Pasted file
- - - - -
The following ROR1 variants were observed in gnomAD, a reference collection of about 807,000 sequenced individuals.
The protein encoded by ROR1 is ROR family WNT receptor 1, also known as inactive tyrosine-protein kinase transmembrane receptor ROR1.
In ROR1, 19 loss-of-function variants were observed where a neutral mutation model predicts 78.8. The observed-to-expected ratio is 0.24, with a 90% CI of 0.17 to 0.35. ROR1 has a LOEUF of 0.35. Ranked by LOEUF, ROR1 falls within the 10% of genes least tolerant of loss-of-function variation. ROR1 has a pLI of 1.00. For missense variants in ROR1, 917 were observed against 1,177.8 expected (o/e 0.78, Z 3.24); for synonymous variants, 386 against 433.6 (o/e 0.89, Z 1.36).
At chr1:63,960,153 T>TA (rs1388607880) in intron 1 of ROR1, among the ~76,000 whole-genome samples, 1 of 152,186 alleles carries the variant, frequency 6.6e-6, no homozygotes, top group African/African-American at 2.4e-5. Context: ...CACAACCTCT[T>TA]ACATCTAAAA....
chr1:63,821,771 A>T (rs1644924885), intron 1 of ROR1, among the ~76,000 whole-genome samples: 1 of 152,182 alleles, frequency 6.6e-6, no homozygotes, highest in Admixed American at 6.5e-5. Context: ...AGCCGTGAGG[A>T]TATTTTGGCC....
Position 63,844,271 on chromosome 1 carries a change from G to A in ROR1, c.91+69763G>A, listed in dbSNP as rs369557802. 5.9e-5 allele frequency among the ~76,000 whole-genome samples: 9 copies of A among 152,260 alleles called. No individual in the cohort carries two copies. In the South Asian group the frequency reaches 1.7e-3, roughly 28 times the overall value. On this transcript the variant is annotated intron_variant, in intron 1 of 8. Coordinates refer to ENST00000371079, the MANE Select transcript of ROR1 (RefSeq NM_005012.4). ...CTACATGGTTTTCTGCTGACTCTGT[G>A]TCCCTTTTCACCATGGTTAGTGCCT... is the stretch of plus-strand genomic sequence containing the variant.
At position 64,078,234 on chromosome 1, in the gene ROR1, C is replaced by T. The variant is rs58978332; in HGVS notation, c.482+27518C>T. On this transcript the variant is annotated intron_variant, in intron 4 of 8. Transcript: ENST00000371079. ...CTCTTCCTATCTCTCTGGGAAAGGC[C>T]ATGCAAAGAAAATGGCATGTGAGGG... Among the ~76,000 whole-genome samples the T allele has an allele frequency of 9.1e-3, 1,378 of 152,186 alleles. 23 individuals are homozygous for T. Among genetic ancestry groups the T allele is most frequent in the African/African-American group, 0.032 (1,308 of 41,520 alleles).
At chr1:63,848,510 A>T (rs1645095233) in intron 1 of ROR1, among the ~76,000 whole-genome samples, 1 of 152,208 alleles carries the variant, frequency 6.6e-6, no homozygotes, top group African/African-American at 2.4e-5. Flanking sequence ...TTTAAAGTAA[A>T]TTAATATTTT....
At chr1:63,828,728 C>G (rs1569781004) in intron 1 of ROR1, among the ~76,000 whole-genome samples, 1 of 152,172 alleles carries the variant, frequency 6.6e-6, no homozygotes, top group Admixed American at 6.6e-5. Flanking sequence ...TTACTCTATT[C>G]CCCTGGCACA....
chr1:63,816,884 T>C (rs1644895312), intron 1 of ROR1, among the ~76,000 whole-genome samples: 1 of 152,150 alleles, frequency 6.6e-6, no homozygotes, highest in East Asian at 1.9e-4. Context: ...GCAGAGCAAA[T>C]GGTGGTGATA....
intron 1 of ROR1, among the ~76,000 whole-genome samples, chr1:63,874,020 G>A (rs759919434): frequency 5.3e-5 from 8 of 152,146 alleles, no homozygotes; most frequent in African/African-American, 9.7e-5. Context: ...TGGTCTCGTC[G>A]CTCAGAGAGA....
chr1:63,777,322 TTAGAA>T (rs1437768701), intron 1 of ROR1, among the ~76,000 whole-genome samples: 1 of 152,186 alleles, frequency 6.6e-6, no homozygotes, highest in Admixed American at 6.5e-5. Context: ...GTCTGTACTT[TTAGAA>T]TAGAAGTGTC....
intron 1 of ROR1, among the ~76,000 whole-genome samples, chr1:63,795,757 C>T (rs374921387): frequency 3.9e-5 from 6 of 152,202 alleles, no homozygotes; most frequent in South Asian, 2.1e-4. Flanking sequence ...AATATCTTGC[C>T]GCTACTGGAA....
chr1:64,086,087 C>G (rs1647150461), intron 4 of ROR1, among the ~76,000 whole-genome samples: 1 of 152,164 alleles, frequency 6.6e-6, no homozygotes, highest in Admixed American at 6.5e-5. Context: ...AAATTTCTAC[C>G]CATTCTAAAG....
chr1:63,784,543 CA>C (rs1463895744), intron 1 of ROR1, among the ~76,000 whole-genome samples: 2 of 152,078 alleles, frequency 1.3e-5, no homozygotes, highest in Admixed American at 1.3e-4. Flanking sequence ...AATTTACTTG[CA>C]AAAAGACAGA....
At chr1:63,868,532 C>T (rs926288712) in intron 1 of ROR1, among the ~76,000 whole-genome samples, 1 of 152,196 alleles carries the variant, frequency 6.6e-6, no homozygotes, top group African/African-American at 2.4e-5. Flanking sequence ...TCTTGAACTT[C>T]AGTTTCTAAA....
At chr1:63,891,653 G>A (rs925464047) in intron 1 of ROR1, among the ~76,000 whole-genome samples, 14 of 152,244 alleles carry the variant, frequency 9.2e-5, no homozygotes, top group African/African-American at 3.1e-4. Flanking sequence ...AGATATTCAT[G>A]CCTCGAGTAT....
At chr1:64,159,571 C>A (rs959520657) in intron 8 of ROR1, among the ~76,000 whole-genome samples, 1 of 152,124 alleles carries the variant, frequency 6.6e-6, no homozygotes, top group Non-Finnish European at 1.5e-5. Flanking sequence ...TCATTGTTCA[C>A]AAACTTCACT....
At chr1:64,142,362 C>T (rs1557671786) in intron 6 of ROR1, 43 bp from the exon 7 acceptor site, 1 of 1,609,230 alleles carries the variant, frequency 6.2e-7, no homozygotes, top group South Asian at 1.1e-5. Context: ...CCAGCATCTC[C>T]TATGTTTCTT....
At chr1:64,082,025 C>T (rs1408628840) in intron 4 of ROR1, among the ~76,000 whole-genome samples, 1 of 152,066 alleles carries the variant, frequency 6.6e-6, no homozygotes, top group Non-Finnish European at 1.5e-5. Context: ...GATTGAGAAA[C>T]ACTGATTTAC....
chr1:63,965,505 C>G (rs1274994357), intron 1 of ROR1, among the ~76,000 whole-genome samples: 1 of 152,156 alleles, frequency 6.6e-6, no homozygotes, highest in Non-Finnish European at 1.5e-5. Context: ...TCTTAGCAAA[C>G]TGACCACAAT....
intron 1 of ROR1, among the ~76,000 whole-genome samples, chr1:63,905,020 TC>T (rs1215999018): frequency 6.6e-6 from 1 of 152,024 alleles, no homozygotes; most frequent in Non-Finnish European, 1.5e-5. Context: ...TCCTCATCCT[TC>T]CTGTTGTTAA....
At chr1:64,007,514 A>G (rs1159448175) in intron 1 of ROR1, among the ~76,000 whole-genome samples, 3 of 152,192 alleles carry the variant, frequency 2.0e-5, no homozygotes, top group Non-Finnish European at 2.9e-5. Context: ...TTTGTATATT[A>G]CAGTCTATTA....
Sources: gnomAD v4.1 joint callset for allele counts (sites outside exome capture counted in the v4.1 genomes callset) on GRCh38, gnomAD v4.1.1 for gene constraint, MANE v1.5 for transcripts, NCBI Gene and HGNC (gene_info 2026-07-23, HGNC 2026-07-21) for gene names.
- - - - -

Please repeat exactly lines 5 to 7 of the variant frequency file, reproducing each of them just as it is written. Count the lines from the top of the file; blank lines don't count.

chr1:63,821,771 A>T (rs1644924885), intron 1 of ROR1, among the ~76,000 whole-genome samples: 1 of 152,182 alleles, frequency 6.6e-6, no homozygotes, highest in Admixed American at 6.5e-5. Context: ...AGCCGTGAGG[A>T]TATTTTGGCC....
Position 63,844,271 on chromosome 1 carries a change from G to A in ROR1, c.91+69763G>A, listed in dbSNP as rs369557802. 5.9e-5 allele frequency among the ~76,000 whole-genome samples: 9 copies of A among 152,260 alleles called. No individual in the cohort carries two copies. In the South Asian group the frequency reaches 1.7e-3, roughly 28 times the overall value. On this transcript the variant is annotated intron_variant, in intron 1 of 8. Coordinates refer to ENST00000371079, the MANE Select transcript of ROR1 (RefSeq NM_005012.4). ...CTACATGGTTTTCTGCTGACTCTGT[G>A]TCCCTTTTCACCATGGTTAGTGCCT... is the stretch of plus-strand genomic sequence containing the variant.
At position 64,078,234 on chromosome 1, in the gene ROR1, C is replaced by T. The variant is rs58978332; in HGVS notation, c.482+27518C>T. On this transcript the variant is annotated intron_variant, in intron 4 of 8. Transcript: ENST00000371079. ...CTCTTCCTATCTCTCTGGGAAAGGC[C>T]ATGCAAAGAAAATGGCATGTGAGGG... Among the ~76,000 whole-genome samples the T allele has an allele frequency of 9.1e-3, 1,378 of 152,186 alleles. 23 individuals are homozygous for T. Among genetic ancestry groups the T allele is most frequent in the African/African-American group, 0.032 (1,308 of 41,520 alleles).